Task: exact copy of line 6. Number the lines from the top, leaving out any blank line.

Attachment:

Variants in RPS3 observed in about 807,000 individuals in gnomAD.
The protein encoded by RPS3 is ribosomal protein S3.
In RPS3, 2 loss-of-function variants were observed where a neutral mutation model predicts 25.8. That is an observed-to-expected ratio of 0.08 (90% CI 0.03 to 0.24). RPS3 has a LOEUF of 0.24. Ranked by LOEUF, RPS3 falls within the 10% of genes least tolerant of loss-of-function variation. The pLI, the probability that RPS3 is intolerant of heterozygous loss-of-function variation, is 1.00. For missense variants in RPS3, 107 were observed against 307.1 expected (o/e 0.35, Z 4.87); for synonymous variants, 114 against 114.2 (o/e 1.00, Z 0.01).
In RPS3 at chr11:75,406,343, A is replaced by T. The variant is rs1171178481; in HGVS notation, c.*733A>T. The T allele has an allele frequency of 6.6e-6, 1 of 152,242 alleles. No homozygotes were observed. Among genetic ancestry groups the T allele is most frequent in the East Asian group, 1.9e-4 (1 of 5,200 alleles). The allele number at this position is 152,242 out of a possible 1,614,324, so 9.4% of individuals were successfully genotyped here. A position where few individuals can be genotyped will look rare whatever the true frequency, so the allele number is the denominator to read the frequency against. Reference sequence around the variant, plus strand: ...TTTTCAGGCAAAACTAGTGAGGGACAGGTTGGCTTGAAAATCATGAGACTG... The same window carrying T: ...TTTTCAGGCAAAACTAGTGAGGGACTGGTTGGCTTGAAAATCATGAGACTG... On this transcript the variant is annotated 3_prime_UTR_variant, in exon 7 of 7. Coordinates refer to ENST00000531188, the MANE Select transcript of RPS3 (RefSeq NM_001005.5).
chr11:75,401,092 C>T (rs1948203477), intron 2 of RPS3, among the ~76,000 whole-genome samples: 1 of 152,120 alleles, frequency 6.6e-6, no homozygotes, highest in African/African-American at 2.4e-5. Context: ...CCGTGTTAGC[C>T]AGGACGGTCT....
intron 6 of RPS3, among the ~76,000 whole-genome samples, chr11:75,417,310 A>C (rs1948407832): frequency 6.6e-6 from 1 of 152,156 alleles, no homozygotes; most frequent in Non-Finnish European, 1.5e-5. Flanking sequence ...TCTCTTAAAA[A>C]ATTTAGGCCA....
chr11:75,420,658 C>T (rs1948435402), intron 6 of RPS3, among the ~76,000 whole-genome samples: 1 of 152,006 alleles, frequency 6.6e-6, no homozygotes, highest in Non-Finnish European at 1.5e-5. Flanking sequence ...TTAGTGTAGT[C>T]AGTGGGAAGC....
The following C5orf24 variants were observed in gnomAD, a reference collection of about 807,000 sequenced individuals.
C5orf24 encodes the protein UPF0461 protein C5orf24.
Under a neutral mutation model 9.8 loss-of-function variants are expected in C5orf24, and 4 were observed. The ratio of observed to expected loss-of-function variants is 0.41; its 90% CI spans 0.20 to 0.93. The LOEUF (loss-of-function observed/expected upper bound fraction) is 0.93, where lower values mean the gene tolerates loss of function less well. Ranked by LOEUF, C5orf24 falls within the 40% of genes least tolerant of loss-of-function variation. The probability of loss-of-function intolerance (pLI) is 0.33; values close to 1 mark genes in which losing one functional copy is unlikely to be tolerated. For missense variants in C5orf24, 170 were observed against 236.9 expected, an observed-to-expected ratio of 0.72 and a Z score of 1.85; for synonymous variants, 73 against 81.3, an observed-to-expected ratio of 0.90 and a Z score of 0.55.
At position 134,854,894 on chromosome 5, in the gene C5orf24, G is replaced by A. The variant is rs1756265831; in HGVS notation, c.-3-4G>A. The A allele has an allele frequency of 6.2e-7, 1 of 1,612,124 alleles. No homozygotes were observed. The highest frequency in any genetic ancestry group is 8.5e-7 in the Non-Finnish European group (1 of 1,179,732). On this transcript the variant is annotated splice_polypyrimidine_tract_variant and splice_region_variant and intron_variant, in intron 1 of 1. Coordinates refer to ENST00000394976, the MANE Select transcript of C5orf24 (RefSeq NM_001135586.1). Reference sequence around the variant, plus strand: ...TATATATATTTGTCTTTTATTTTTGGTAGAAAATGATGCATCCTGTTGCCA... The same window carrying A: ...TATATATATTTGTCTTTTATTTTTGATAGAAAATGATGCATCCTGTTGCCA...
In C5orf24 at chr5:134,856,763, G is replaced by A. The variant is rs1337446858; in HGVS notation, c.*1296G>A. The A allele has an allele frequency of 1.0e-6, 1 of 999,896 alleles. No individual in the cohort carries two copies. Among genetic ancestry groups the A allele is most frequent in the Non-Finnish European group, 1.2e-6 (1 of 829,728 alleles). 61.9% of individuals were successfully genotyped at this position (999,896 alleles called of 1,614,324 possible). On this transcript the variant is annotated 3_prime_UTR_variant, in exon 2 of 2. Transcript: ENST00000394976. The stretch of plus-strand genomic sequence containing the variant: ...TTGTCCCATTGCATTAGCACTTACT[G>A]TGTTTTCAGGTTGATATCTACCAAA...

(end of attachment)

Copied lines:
intron 6 of RPS3, among the ~76,000 whole-genome samples, chr11:75,417,310 A>C (rs1948407832): frequency 6.6e-6 from 1 of 152,156 alleles, no homozygotes; most frequent in Non-Finnish European, 1.5e-5. Flanking sequence ...TCTCTTAAAA[A>C]ATTTAGGCCA....